Scrabster, Scotland, United Kingdom
Scrabster is a wee settlement situated on Thurso Bay only a stone’s throw away from the much larger town of Thurso. Here one can find a wide variety of traditional shops, lovely cafes, spirited bars and restaurants. An important harbor for the fishing industry, the town of Scabster is set at the base of a small hill and its harbor holds a colorful array of fishing boats.

Newcastle Upon Tyne, England, United Kingdom
Newcastle upon Tyne, clinging to the north bank of the River Tyne, grew around the Roman settlement Pons Aelius and was named after the castle built here in 1080 by William the Conqueror’s eldest son, Robert Curthose. The port developed in the 16th century, quickly becoming one of the world’s largest shipbuilding centers. Newcastle harbors a spirited mix of heritage and urban sophistication.

Southampton (London), England
The south of England boasts a dramatic coastline which encloses some of the most beautiful countryside in Britain. The landscape of hills and heaths, downland and forests, valleys and dales, is without rival. Southampton, the United Kingdom’s premier passenger ship port, and home for many years to the great transatlantic liners of yesteryear, has a rich and varied heritage. The remains of the medieval town walls are among the best preserved in the country and fascinating monuments can be found all around the city.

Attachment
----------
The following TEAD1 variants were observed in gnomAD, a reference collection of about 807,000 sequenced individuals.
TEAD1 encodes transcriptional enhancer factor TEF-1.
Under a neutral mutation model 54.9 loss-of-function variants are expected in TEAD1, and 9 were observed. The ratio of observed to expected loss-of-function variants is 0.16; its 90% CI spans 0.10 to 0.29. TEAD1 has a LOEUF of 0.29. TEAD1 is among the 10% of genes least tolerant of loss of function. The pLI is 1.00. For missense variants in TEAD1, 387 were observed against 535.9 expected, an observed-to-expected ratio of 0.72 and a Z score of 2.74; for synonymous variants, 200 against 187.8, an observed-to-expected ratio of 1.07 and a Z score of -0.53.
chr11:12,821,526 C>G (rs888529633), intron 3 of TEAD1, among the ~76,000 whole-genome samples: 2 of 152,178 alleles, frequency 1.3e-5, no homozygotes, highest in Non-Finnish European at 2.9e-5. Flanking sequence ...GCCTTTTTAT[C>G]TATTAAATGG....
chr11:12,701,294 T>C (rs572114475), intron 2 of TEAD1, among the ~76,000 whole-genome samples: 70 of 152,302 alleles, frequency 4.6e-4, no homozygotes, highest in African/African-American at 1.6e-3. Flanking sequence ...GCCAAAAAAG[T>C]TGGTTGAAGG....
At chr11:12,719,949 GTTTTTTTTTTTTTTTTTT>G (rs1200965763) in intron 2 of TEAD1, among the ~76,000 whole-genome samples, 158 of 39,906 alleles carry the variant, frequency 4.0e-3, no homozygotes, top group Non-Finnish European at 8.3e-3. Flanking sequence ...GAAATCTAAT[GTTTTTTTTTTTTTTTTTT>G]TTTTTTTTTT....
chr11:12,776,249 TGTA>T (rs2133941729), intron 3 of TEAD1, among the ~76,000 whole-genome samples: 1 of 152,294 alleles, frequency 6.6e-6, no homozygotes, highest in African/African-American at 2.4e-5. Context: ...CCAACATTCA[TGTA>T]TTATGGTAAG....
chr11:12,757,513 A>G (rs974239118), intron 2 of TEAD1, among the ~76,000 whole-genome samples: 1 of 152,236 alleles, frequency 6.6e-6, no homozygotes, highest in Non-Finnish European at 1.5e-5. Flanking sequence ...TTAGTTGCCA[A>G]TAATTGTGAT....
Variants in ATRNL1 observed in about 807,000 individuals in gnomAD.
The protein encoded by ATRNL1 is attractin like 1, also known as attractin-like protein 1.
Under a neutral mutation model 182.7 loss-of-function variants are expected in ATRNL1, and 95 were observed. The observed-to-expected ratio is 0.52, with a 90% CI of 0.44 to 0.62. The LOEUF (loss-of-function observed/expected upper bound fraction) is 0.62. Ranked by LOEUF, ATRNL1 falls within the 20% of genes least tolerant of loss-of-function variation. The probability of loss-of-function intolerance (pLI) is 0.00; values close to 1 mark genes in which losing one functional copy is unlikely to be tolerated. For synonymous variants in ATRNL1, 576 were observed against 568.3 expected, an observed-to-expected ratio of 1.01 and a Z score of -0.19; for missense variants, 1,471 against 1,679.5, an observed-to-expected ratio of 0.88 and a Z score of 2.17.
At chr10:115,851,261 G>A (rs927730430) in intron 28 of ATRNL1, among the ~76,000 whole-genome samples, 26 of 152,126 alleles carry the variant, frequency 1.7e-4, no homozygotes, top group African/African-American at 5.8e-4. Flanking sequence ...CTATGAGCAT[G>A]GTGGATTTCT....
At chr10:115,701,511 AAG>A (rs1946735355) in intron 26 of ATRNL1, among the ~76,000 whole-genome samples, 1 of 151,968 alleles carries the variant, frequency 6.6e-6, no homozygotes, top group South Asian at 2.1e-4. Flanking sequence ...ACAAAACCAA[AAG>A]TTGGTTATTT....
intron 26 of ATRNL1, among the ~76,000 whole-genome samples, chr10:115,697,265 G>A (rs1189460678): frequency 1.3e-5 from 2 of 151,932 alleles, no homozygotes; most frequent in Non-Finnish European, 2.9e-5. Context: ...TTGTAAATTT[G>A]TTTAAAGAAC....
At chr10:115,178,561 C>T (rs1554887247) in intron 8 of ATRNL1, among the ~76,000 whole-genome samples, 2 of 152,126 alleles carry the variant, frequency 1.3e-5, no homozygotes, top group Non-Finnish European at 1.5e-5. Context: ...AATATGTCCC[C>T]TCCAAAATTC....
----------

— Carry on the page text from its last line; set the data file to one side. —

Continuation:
Seabourn Quest is the third iteration of the vessel design that has been called “a game-changer for the luxury segment.” Built at the T. Mariotti shipyard in Genoa, she was named in Barcelona on June 20, 2011. True to her Seabourn bloodlines, wherever she sails around the world, Seabourn Quest carries with her a bevy of award-winning dining venues that are comparable to the finest restaurants to be found anywhere. Seabourn Quest offers a variety of dining options to suit every taste and every mood, with never an extra charge.

Each day on board offers delicious dining options, world-class entertainment and enriching activities.

Ship Profile & Stats

  • Length: 650 feet
  • Tonnage: 32000 grt
  • Maiden Voyage: June 2011